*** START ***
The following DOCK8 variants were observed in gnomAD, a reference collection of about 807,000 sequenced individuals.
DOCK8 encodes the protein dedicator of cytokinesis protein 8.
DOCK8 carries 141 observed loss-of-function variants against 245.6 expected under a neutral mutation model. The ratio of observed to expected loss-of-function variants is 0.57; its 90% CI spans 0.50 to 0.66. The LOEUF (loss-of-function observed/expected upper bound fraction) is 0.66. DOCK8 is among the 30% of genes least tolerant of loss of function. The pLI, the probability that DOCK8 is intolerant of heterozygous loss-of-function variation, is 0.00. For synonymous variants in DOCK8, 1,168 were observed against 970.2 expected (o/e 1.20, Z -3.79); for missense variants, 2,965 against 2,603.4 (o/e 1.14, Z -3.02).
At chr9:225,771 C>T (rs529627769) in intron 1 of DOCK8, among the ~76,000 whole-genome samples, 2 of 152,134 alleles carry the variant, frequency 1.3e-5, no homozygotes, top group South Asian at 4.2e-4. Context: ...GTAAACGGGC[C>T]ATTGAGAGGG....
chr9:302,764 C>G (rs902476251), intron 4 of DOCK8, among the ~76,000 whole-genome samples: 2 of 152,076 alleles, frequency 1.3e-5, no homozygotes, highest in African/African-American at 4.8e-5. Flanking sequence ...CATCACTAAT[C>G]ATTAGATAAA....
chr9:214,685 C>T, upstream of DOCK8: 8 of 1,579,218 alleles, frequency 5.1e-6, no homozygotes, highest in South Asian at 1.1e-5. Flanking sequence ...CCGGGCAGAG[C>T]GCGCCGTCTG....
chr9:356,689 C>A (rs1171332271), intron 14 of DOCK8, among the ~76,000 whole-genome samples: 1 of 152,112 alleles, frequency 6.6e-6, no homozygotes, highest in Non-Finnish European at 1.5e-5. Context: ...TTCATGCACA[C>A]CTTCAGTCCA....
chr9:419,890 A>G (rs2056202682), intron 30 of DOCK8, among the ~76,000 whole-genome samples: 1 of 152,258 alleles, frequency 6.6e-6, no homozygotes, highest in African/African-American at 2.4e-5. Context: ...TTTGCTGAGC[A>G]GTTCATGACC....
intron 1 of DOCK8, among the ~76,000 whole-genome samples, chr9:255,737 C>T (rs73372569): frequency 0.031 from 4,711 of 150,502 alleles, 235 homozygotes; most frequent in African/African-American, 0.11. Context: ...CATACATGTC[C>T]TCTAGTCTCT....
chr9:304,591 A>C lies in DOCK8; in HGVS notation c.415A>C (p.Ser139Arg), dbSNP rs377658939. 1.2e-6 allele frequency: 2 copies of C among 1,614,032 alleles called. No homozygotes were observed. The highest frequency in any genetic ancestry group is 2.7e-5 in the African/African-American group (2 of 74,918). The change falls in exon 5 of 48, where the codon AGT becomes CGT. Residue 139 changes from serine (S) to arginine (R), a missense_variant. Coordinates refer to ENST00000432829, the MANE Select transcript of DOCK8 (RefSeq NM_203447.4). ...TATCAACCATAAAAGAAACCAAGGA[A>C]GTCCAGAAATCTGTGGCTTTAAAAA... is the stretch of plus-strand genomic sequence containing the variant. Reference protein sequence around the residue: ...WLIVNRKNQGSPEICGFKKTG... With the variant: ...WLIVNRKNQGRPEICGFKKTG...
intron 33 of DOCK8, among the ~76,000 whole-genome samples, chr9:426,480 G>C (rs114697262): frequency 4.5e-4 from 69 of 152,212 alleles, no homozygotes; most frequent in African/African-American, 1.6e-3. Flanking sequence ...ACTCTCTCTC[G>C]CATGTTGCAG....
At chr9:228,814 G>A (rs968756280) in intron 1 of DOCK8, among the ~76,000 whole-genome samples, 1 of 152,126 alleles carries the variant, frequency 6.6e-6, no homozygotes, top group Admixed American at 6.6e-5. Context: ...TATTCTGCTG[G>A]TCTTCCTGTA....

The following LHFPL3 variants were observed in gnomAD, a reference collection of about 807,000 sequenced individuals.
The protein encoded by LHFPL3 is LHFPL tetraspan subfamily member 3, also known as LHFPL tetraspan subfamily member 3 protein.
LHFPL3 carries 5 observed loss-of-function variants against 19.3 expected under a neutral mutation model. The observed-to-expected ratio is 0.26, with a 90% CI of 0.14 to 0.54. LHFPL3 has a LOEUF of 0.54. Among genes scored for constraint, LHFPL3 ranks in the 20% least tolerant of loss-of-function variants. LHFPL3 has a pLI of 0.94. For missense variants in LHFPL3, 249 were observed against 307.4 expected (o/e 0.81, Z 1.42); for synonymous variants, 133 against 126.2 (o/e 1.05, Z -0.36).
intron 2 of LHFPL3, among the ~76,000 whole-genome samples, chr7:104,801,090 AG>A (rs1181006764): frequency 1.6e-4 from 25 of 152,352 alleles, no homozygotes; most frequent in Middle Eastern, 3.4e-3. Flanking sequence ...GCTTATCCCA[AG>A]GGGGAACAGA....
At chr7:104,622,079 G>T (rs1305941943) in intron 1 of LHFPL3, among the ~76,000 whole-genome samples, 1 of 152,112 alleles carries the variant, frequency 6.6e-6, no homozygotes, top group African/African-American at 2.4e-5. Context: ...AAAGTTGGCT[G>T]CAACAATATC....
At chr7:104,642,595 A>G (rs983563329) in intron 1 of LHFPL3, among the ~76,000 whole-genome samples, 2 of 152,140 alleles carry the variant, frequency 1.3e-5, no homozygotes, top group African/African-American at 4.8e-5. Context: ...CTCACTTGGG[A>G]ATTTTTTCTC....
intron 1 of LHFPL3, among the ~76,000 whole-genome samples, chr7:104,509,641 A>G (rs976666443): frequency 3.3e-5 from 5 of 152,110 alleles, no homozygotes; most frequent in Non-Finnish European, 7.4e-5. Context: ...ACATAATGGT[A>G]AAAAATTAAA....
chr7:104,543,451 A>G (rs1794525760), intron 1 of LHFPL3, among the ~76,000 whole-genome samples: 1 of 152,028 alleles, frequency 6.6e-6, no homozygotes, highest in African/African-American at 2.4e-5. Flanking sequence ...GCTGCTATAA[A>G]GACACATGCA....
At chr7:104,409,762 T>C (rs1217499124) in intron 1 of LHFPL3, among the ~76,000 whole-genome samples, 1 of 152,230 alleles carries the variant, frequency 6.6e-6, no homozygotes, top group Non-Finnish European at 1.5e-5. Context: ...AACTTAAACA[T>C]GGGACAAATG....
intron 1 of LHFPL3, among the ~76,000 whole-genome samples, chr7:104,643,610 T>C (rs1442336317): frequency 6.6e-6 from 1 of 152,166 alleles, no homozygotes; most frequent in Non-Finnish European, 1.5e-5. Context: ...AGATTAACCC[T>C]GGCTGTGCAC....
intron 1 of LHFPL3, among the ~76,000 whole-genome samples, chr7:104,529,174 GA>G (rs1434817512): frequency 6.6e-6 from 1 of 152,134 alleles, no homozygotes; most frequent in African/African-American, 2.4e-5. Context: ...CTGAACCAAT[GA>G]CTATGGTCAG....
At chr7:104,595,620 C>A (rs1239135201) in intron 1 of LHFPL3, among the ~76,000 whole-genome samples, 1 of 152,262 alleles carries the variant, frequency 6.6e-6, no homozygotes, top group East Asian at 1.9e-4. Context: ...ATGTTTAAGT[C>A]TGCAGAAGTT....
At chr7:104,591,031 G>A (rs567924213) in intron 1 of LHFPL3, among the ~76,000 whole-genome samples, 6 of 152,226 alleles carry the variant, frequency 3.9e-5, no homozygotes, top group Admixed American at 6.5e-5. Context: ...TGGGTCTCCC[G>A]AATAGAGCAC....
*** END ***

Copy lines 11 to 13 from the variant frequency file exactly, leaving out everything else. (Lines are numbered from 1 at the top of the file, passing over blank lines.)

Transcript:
intron 33 of DOCK8, among the ~76,000 whole-genome samples, chr9:426,480 G>C (rs114697262): frequency 4.5e-4 from 69 of 152,212 alleles, no homozygotes; most frequent in African/African-American, 1.6e-3. Flanking sequence ...ACTCTCTCTC[G>C]CATGTTGCAG....
At chr9:228,814 G>A (rs968756280) in intron 1 of DOCK8, among the ~76,000 whole-genome samples, 1 of 152,126 alleles carries the variant, frequency 6.6e-6, no homozygotes, top group Admixed American at 6.6e-5. Context: ...TATTCTGCTG[G>A]TCTTCCTGTA....

The following LHFPL3 variants were observed in gnomAD, a reference collection of about 807,000 sequenced individuals.